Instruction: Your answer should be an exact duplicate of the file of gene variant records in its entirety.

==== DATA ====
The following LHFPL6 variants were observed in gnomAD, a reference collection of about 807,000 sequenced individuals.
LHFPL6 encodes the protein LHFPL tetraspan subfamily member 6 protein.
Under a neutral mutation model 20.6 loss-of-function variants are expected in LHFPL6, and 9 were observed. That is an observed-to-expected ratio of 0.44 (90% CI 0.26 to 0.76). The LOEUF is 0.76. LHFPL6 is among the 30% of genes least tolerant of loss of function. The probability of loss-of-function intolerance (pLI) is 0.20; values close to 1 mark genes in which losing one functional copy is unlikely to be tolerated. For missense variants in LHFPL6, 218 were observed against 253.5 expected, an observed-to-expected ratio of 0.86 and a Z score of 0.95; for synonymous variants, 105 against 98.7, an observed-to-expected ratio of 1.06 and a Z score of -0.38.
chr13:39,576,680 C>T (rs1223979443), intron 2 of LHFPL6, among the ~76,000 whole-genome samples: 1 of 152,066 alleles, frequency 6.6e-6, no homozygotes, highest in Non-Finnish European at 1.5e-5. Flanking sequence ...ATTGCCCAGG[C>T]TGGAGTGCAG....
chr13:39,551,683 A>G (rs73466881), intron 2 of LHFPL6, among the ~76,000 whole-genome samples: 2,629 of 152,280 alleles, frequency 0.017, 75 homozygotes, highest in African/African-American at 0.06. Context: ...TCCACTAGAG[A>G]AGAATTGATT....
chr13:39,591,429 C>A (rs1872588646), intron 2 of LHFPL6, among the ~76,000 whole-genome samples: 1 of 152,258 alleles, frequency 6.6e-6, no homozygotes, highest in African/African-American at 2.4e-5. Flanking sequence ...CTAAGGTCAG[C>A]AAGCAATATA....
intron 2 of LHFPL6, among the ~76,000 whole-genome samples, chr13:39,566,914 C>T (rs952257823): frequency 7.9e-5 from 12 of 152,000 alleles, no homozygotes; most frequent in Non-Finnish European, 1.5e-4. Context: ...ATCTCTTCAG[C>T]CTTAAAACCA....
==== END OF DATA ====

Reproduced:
The following LHFPL6 variants were observed in gnomAD, a reference collection of about 807,000 sequenced individuals.
LHFPL6 encodes the protein LHFPL tetraspan subfamily member 6 protein.
Under a neutral mutation model 20.6 loss-of-function variants are expected in LHFPL6, and 9 were observed. That is an observed-to-expected ratio of 0.44 (90% CI 0.26 to 0.76). The LOEUF is 0.76. LHFPL6 is among the 30% of genes least tolerant of loss of function. The probability of loss-of-function intolerance (pLI) is 0.20; values close to 1 mark genes in which losing one functional copy is unlikely to be tolerated. For missense variants in LHFPL6, 218 were observed against 253.5 expected, an observed-to-expected ratio of 0.86 and a Z score of 0.95; for synonymous variants, 105 against 98.7, an observed-to-expected ratio of 1.06 and a Z score of -0.38.
chr13:39,576,680 C>T (rs1223979443), intron 2 of LHFPL6, among the ~76,000 whole-genome samples: 1 of 152,066 alleles, frequency 6.6e-6, no homozygotes, highest in Non-Finnish European at 1.5e-5. Flanking sequence ...ATTGCCCAGG[C>T]TGGAGTGCAG....
chr13:39,551,683 A>G (rs73466881), intron 2 of LHFPL6, among the ~76,000 whole-genome samples: 2,629 of 152,280 alleles, frequency 0.017, 75 homozygotes, highest in African/African-American at 0.06. Context: ...TCCACTAGAG[A>G]AGAATTGATT....
chr13:39,591,429 C>A (rs1872588646), intron 2 of LHFPL6, among the ~76,000 whole-genome samples: 1 of 152,258 alleles, frequency 6.6e-6, no homozygotes, highest in African/African-American at 2.4e-5. Flanking sequence ...CTAAGGTCAG[C>A]AAGCAATATA....
intron 2 of LHFPL6, among the ~76,000 whole-genome samples, chr13:39,566,914 C>T (rs952257823): frequency 7.9e-5 from 12 of 152,000 alleles, no homozygotes; most frequent in Non-Finnish European, 1.5e-4. Context: ...ATCTCTTCAG[C>T]CTTAAAACCA....